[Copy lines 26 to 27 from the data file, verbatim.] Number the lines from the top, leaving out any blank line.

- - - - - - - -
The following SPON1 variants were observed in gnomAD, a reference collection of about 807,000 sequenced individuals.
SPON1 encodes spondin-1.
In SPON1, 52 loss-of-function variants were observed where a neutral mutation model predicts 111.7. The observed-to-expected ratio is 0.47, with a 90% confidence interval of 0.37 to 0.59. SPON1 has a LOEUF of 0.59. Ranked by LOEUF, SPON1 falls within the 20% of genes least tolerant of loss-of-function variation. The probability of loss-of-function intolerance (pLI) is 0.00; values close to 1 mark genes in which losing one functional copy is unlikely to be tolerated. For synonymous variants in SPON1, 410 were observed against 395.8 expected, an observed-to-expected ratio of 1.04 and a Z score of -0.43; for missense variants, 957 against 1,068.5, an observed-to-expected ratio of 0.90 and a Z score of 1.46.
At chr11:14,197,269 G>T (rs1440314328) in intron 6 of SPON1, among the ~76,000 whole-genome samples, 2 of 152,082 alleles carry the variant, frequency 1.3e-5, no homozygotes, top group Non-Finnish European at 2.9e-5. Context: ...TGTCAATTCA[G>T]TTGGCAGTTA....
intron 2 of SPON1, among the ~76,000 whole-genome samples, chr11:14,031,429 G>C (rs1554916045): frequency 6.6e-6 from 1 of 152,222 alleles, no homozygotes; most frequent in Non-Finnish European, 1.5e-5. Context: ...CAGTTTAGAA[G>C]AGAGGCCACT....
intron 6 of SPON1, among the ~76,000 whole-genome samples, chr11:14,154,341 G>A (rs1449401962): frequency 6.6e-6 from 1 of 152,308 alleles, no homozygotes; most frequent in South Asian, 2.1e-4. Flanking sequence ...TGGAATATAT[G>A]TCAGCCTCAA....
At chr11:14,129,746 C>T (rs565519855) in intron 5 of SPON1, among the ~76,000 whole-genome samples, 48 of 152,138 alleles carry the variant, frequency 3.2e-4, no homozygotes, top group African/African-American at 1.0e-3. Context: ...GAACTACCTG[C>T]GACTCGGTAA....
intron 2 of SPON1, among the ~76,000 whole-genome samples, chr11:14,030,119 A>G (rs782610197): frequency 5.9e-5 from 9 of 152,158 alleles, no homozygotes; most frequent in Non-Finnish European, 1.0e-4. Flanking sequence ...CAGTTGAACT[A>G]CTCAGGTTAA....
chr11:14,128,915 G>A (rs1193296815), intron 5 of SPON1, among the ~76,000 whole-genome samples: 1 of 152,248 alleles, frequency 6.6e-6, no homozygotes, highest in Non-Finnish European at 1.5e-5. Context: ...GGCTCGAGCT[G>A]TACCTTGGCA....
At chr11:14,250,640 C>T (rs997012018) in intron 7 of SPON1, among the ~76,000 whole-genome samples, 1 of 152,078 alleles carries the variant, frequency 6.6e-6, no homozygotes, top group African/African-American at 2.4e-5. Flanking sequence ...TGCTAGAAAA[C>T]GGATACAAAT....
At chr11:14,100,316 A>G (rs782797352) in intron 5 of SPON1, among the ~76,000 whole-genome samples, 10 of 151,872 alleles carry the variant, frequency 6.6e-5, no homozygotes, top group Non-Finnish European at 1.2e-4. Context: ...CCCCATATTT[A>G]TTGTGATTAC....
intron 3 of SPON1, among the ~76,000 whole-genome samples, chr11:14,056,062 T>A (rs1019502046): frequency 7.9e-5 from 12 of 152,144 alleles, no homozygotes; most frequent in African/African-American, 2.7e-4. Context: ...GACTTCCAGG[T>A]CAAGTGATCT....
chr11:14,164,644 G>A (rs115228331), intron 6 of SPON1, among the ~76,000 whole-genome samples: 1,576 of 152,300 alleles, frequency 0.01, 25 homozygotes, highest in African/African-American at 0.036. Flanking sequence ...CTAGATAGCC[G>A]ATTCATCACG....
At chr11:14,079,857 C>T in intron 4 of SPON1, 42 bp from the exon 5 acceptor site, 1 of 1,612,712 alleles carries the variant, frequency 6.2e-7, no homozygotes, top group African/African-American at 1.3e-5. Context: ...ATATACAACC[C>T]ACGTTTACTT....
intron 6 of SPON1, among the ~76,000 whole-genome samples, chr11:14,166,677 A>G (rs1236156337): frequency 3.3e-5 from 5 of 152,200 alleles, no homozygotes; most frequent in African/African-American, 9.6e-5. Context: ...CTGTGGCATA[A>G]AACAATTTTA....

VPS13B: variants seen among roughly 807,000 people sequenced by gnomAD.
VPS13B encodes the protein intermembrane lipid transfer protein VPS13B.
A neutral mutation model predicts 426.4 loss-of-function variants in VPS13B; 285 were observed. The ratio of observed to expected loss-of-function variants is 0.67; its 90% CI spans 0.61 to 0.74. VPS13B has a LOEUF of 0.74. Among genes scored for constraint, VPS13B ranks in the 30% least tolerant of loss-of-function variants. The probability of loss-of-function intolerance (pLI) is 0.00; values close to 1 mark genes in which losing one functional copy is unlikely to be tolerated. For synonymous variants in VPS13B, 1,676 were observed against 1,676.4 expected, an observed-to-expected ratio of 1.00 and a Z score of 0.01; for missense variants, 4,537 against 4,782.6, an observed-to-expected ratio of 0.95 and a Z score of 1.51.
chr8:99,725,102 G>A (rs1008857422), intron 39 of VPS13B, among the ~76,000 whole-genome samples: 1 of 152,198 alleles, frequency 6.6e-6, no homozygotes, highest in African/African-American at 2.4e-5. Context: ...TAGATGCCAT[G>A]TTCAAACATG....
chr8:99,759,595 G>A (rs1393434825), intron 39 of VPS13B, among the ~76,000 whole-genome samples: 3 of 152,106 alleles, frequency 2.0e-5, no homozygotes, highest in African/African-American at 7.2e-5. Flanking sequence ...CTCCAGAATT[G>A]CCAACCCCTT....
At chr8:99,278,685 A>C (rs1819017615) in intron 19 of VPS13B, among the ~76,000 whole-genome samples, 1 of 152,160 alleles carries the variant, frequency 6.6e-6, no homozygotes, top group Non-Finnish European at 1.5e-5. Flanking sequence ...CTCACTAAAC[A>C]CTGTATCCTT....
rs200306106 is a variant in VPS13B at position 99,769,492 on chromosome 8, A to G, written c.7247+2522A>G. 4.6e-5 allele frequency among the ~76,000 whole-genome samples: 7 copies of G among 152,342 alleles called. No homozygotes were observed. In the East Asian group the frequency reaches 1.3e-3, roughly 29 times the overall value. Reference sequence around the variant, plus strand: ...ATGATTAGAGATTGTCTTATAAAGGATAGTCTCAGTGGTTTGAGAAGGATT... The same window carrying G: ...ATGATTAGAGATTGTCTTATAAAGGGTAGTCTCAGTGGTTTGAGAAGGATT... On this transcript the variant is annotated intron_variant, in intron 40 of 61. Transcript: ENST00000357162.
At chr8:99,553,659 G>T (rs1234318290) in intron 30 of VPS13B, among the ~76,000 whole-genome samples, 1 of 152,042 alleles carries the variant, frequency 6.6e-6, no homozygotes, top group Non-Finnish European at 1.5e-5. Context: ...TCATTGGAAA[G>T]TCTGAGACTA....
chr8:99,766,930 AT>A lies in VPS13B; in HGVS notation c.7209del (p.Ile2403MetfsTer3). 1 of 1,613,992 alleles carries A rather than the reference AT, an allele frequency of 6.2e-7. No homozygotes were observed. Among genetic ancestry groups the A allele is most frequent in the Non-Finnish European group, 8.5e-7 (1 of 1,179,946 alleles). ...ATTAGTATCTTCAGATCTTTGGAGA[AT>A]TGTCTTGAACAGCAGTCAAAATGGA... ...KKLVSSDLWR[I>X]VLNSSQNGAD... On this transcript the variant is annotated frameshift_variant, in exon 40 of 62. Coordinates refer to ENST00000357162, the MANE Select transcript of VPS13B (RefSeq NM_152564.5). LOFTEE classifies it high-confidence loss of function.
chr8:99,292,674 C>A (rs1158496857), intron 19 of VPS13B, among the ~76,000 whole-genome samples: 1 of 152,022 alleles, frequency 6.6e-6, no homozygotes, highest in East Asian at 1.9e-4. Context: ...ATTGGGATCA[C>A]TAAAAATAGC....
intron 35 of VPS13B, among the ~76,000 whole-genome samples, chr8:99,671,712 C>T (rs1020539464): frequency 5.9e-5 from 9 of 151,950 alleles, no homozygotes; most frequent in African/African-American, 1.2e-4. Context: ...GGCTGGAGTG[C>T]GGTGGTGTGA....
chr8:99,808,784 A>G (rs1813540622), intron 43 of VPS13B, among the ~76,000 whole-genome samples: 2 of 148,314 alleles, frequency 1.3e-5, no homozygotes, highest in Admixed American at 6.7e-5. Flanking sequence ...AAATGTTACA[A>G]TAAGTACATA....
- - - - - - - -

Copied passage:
intron 35 of VPS13B, among the ~76,000 whole-genome samples, chr8:99,671,712 C>T (rs1020539464): frequency 5.9e-5 from 9 of 151,950 alleles, no homozygotes; most frequent in African/African-American, 1.2e-4. Context: ...GGCTGGAGTG[C>T]GGTGGTGTGA....
chr8:99,808,784 A>G (rs1813540622), intron 43 of VPS13B, among the ~76,000 whole-genome samples: 2 of 148,314 alleles, frequency 1.3e-5, no homozygotes, highest in Admixed American at 6.7e-5. Flanking sequence ...AAATGTTACA[A>G]TAAGTACATA....